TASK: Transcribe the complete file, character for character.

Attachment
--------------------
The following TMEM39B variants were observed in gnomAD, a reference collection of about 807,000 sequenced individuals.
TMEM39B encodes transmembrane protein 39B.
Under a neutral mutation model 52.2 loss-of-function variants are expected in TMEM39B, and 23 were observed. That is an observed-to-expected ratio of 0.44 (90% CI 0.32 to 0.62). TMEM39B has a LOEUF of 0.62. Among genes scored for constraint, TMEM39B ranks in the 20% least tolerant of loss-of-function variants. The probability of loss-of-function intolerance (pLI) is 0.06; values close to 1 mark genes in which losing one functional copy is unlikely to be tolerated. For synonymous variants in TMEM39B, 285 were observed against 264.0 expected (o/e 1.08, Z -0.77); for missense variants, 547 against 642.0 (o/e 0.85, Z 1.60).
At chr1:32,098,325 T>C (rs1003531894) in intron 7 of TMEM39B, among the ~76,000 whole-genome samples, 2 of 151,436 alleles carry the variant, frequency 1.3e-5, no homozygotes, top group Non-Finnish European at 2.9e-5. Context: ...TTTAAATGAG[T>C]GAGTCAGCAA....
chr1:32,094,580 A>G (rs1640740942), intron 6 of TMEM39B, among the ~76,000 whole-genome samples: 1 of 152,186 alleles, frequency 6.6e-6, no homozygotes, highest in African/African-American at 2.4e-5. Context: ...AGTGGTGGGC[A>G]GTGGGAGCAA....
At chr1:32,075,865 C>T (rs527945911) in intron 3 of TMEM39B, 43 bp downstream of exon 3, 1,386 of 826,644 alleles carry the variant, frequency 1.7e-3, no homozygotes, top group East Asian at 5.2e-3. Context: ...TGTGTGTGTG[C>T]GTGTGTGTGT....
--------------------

The following TMEM39B variants were observed in gnomAD, a reference collection of about 807,000 sequenced individuals.
TMEM39B encodes transmembrane protein 39B.
Under a neutral mutation model 52.2 loss-of-function variants are expected in TMEM39B, and 23 were observed. That is an observed-to-expected ratio of 0.44 (90% CI 0.32 to 0.62). TMEM39B has a LOEUF of 0.62. Among genes scored for constraint, TMEM39B ranks in the 20% least tolerant of loss-of-function variants. The probability of loss-of-function intolerance (pLI) is 0.06; values close to 1 mark genes in which losing one functional copy is unlikely to be tolerated. For synonymous variants in TMEM39B, 285 were observed against 264.0 expected (o/e 1.08, Z -0.77); for missense variants, 547 against 642.0 (o/e 0.85, Z 1.60).
At chr1:32,098,325 T>C (rs1003531894) in intron 7 of TMEM39B, among the ~76,000 whole-genome samples, 2 of 151,436 alleles carry the variant, frequency 1.3e-5, no homozygotes, top group Non-Finnish European at 2.9e-5. Context: ...TTTAAATGAG[T>C]GAGTCAGCAA....
chr1:32,094,580 A>G (rs1640740942), intron 6 of TMEM39B, among the ~76,000 whole-genome samples: 1 of 152,186 alleles, frequency 6.6e-6, no homozygotes, highest in African/African-American at 2.4e-5. Context: ...AGTGGTGGGC[A>G]GTGGGAGCAA....
At chr1:32,075,865 C>T (rs527945911) in intron 3 of TMEM39B, 43 bp downstream of exon 3, 1,386 of 826,644 alleles carry the variant, frequency 1.7e-3, no homozygotes, top group East Asian at 5.2e-3. Context: ...TGTGTGTGTG[C>T]GTGTGTGTGT....